7 Data Structures Used in Biology  Strings for representing sequences (e.g. DNA, RNA, Amino Acid Sequences). “ATACGGCGCGCAAGGCT” “TATGCCGCGCGTTCCGA”  Trees for representing the evolution of organisms and other purposes. Prokaryotes Eukaryotes ReptilesBirds ……

8 Data Structures (Cont..)‏  Graphs can represent signalling pathways (often found in Neural networks)  3d Points and their Linkages can represent protein structures.

9 First Instance of a Problem – DNA Shotgun Sequencing  In order to derive a DNA sequence, the DNA must first be duplicated many times. ATCACCGTAAGAGGA  It must then be processed by Gel Electrophoresis, which ‘chops’ the DNA into smaller pieces named ‘fragments’. ATCACCGTAAGAGGA ATC CCGT AGGA AAG CCGT AAGA TCA This is a very simplified Instance of the problem typically each fragment can be between 250 and 1000 Bases long. TAA GTA

10 Alignments – the Smith Waterman Method.  How do we identify fragments which link together?  Can use dynamic programming to compute optimal alignment scores between fragments.  Align with either match (1) gap -(1/3 x length of gap) or mismatch (-1).  The score in each cell is the best total score from an already chosen cell/row + the cost of the alignment. If a score is < 0 it is said to be 0.  The first row is always filled with 0’s 000A 010T 000A CTA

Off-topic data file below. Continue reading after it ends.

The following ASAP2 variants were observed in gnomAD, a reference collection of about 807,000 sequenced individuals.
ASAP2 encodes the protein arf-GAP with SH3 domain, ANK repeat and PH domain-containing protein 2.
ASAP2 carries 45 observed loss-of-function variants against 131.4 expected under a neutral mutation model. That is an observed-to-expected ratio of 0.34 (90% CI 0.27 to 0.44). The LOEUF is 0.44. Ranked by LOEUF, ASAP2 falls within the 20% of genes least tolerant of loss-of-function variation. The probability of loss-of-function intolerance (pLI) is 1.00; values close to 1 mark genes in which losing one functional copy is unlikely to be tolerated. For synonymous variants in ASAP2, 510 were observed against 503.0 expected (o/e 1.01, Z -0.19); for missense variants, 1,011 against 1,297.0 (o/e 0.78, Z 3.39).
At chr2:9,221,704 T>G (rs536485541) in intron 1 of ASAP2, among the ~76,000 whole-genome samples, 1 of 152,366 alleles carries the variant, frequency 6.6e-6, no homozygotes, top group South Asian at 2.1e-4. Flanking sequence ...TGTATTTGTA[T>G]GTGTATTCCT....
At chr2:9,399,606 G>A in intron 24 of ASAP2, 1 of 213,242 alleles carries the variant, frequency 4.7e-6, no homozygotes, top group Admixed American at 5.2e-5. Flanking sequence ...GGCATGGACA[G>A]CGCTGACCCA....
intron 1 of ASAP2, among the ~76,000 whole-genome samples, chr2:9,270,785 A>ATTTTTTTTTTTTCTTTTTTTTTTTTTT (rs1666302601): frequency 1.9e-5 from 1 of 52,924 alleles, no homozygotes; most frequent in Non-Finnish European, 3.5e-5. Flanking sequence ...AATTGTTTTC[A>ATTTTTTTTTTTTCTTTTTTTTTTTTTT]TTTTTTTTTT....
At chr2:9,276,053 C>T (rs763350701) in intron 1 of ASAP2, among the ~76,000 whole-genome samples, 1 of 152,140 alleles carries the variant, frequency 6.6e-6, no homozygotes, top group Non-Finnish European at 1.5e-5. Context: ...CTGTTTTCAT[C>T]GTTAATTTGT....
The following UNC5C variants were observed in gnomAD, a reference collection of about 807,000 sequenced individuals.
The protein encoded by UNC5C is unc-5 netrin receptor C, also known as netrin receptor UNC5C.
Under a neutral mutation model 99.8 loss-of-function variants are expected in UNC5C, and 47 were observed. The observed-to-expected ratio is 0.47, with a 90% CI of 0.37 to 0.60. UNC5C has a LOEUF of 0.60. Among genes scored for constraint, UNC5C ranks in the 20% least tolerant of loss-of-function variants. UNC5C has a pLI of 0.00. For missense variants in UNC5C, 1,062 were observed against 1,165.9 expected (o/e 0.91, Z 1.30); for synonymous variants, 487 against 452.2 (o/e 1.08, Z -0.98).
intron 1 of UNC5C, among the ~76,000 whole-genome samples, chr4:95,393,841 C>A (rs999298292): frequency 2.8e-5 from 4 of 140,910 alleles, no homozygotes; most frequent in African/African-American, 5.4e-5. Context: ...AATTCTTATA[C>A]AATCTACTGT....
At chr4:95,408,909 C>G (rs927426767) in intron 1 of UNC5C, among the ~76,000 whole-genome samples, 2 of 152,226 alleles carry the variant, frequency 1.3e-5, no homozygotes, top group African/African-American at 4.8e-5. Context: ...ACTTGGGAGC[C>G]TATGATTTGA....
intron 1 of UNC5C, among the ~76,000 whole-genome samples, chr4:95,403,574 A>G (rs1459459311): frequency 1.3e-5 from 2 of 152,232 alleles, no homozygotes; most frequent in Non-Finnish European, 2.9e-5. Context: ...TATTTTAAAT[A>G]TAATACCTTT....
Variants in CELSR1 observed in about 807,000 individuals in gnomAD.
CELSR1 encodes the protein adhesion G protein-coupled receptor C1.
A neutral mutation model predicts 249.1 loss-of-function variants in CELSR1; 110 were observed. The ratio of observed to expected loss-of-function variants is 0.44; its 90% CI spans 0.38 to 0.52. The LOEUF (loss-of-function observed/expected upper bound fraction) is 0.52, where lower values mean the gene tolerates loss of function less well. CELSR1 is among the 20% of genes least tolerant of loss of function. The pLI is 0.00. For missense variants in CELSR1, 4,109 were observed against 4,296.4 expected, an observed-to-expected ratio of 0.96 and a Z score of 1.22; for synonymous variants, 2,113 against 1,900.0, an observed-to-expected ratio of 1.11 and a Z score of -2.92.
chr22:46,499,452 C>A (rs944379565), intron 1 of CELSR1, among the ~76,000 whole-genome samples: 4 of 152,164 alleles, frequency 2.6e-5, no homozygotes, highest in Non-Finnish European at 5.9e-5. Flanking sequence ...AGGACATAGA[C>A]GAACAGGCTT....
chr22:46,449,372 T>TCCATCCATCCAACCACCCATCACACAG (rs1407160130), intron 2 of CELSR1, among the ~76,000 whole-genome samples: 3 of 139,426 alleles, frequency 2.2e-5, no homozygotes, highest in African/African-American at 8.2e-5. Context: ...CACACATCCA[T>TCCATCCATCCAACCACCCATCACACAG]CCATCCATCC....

11 The Smith Waterman algorithm (Continued)  Following this trace back a path through the optimum alignment starting at the highest number in the matrix to the first 0.  In this case it is: ‘AT’  Algorithm extremely expensive O(NM) run time and O(NM) storage complexity.  Always finds optimum solution. 000A 010T 000A CTA

12 Alternative to SW Algorithm  Sequences are usually at the very least tens of thousands of characters long Makes O(NM) runtime (and storage complexity) unacceptable.  Alternative – use BLAST (Basic Local Alignment Search Tool) Algorithm.  Gives a much more reasonable run time of O(N+M).  However does not always compute best solution.